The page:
He caught up again when something caught my eye and I had to stop for photos. I didn’t notice at first because the word “Snakes!” was written in the gravel ahead of me, along with an arrow pointing to flat rocks just off the trail. I curved around to avoid the area while scanning the ground for movement. When I looked back up, the volume of bright green moss growing on the pines was too brilliant to ignore. 

I struggled to get a picture that would do it justice, but I couldn’t do it. I heard the crunching footsteps of the tax attorney from Ohio behind me. He walked toward me while staring at the warning on the ground and looking out for snakes. 

“Hi,” I said. “Just had to stop for another photo,” 

“Of what?”

Granted, in a land of a million photo opportunities, most people wouldn’t consider this one of them.

“All the green,” I said. 

“Hmm? Oh yeah, look at all that.” He pulled his camera from a hip pocket, snapped a photo, then continued up the trail. 

We leap-frogged each other this way all afternoon. I’d pass him when he stopped for a break. He’d pass me when I stopped to take photos. At one such passing, he mentioned that he was low on water, so I helped keep an eye out. I knew he wouldn’t get to a source of water the ranger guaranteed until the following morning. There were stagnant puddles here and there, but nothing safe. I passed him again at Rainbow Creek. 

“Bone dry,” he said. “I saw it on the map, thought this is where I’d finally find water.”

"We might find some puddles in the creek bed,"  I said.  "You can use my filter if you want."

We hiked down the empty creek until we found something. There was a meager source of trickling water, that looked clean.  He filled his bottles, and then we got back on the trail and put some distance between us again.

Not a mile later, I was tiptoeing over stones to cross a portion of Rainbow Creek that had plenty of clear water flowing by. Like gas stations, you seem to pass water sources all day, until you really need it. 

When I neared the El Capitan summit, the view stopped me in my tracks. My mouth hung open like a cargo bay door. So far as I experienced it, Yosemite never looked more beautiful. The granite rock I traversed all day dropped three-thousand feet to the pine carpeted valley floor. Beyond the valley the layers of blue mountains were back, fading into the horizon. The tax attorney passed me again as I took photos. He stopped to do the same. 

“Why do I live in Indiana?” I asked. He didn’t have an answer either. 

The summit of El Cap was flat, nearly treeless, and jutted out into the valley giving us amazing unobstructed views. We dropped our packs on the ground and hiked toward the edge. We passed a group of backpackers; a couple with their daughter. We all wandered around El Cap fusing that unbelievable view to our memories. I found a tree and sat in its shade. Before long, the tax attorney from Ohio joined me again. 

“My name’s Rick, by the way, I don’t think we ever formally introduced each other.” 

“I’m Ryan,” We shook hands. 

“You plan on staying on El Cap tonight?” he asked. 

“I think so. I passed an established camp site on the way out here that looked pretty good.” I worried we would end up hiking together all week. I actually enjoyed talking to him and I know I could have learned a lot from his experience, but I get so few weeks like this. I really wanted to spend the time alone.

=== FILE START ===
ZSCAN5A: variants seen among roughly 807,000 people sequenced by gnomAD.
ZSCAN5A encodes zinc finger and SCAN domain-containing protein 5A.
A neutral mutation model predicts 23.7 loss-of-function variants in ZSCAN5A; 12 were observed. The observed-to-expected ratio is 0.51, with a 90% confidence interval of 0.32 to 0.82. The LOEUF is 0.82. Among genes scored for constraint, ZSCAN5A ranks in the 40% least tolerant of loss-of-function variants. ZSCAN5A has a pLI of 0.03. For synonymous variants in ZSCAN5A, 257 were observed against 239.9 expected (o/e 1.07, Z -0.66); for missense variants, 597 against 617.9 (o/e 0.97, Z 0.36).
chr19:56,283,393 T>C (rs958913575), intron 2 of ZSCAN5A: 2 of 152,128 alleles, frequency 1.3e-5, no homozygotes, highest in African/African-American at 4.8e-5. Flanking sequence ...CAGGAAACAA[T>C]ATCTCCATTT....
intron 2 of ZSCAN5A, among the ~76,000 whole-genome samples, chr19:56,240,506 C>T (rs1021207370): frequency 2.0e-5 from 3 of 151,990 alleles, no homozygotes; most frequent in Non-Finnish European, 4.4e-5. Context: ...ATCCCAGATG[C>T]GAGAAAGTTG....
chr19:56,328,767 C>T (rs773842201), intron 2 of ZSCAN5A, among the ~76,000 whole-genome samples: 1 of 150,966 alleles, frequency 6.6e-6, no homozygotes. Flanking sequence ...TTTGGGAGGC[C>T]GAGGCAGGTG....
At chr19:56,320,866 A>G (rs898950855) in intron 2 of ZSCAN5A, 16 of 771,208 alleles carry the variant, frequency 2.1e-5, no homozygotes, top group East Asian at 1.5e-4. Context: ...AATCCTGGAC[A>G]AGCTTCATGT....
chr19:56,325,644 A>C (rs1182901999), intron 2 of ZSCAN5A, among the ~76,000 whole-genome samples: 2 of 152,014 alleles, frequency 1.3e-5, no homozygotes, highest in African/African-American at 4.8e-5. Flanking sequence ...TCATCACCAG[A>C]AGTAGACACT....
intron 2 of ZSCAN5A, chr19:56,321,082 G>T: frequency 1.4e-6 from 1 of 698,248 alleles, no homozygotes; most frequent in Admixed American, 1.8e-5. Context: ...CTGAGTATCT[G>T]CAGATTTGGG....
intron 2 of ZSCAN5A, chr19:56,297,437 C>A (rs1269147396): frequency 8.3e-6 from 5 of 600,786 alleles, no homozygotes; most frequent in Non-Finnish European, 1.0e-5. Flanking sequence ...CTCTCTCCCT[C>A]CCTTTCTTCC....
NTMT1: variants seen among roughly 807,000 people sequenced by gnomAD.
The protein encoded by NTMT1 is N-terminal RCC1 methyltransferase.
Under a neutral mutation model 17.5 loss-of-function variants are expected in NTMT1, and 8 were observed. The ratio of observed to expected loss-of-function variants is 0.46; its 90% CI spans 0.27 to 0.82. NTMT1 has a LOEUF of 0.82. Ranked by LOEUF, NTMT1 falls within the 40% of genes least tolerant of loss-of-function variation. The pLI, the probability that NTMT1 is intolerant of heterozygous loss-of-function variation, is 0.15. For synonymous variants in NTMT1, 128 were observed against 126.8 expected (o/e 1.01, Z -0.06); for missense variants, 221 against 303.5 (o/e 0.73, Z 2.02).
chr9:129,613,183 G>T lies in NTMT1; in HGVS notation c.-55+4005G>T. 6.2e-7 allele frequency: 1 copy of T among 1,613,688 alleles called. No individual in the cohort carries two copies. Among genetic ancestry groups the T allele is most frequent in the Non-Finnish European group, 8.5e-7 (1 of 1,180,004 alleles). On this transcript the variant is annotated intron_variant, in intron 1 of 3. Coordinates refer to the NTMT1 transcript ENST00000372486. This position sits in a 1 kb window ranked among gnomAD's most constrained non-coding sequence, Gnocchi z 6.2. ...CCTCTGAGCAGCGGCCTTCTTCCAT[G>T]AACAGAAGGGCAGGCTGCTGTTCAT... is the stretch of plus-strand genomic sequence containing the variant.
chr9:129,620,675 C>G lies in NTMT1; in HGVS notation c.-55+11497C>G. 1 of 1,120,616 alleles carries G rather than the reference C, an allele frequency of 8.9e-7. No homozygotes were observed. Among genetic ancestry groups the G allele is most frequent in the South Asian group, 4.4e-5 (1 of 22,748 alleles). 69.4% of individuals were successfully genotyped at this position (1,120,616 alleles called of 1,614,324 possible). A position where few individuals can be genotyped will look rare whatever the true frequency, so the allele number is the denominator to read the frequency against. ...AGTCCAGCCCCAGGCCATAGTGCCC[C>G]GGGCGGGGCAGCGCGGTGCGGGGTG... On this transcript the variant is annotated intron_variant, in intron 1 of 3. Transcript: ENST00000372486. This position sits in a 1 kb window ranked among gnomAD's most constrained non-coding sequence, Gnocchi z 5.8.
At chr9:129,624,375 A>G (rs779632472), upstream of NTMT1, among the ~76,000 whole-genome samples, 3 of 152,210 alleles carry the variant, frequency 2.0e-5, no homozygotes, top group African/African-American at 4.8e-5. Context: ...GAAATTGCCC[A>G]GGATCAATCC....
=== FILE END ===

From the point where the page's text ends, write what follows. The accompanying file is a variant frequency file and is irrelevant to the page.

The site I referred to was perfect. It had a stone fire ring, spectacular view to watch the sunset, and only one nearby tree. I noted that specifically because I knew he slept in a hammock. I felt bad, but what could I do? I mean, of course, besides just being honest. 

When we left the summit, I stopped at the campsite. He continued toward the tree line. I stood for a while looking at the valley. The family of three plopped their gear on the ground fifteen yards from me, making it clear they were staying there for the night. 

I searched for another site, but failed and came back. My tent has to be staked in the ground to stand upright, and finding a spot where I could stake a tent on ground made of solid granite proved to be as difficult as you’d expect. Not only that, but I had my heart set on watching the sunset and sitting by a warm fire, which are only allowed in the limited established fire rings. 

“Do you mind if I setup camp right over there?” I asked the family of backpackers. I didn’t expect them to care, but asking made me feel better about it. 

“Oh of course not, go ahead,” the father said in an accent I couldn’t place, but I assumed they were from a Scandinavian country. Throughout the night I could hear their chatter, but I didn’t mind at all. In fact, I loved hearing the accent in their words and laughter, even though I didn’t understand any of it. They could have been laughing and talking about how they planned to murder me, and I would have been grinning dumbly at the wonderful sound of their voices. 

I ate another meager supper and watched the sunset. It was beautiful. The setting sun turned the sky to amber. The color of everything around me: the coral white granite, the pine needles, the stone fire ring; all suffused with the orange glow in the sky.

 At nightfall, I gathered wood and got a fire going. It was another brilliant starry night. City lights from miles away popped into view. Their light mirrored the starlight like they were not cities at all, but majestic lakes. 

Backpacking has a way of simplifying the pursuit of happiness. Place yourself all alone on a beautiful trail. Put one foot in front of the other, repeat. All too often my default mood is one of cynicism or boredom, but with enough time given to hiking, giddiness becomes my default. That transition began to solidify tonight while I looked at the amber sky and listened to the crackling fire.  And would continue to do so exponentially every day this week.


Part Six > 
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A Backpacker's Life List by Ryan Grayson is licensed under a